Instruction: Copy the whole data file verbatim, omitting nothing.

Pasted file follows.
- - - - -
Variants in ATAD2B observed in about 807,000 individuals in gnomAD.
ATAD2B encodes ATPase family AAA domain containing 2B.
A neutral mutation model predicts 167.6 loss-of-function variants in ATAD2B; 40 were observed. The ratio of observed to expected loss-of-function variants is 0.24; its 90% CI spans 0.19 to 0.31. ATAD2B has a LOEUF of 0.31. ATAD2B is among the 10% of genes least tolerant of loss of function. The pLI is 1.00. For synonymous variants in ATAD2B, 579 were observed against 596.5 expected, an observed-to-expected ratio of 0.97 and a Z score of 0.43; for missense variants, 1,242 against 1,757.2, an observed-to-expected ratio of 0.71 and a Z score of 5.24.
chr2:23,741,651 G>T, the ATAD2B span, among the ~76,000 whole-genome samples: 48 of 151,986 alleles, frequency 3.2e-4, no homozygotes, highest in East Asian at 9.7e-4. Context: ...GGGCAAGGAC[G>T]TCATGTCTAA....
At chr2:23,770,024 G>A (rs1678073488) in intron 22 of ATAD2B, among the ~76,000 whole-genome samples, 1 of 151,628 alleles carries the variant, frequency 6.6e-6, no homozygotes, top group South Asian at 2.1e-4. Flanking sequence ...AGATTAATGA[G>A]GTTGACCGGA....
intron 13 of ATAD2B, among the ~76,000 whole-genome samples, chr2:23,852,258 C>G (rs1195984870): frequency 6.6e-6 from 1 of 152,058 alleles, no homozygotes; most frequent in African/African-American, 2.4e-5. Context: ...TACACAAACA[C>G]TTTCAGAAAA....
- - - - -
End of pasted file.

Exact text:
Variants in ATAD2B observed in about 807,000 individuals in gnomAD.
ATAD2B encodes ATPase family AAA domain containing 2B.
A neutral mutation model predicts 167.6 loss-of-function variants in ATAD2B; 40 were observed. The ratio of observed to expected loss-of-function variants is 0.24; its 90% CI spans 0.19 to 0.31. ATAD2B has a LOEUF of 0.31. ATAD2B is among the 10% of genes least tolerant of loss of function. The pLI is 1.00. For synonymous variants in ATAD2B, 579 were observed against 596.5 expected, an observed-to-expected ratio of 0.97 and a Z score of 0.43; for missense variants, 1,242 against 1,757.2, an observed-to-expected ratio of 0.71 and a Z score of 5.24.
chr2:23,741,651 G>T, the ATAD2B span, among the ~76,000 whole-genome samples: 48 of 151,986 alleles, frequency 3.2e-4, no homozygotes, highest in East Asian at 9.7e-4. Context: ...GGGCAAGGAC[G>T]TCATGTCTAA....
At chr2:23,770,024 G>A (rs1678073488) in intron 22 of ATAD2B, among the ~76,000 whole-genome samples, 1 of 151,628 alleles carries the variant, frequency 6.6e-6, no homozygotes, top group South Asian at 2.1e-4. Flanking sequence ...AGATTAATGA[G>A]GTTGACCGGA....
intron 13 of ATAD2B, among the ~76,000 whole-genome samples, chr2:23,852,258 C>G (rs1195984870): frequency 6.6e-6 from 1 of 152,058 alleles, no homozygotes; most frequent in African/African-American, 2.4e-5. Context: ...TACACAAACA[C>G]TTTCAGAAAA....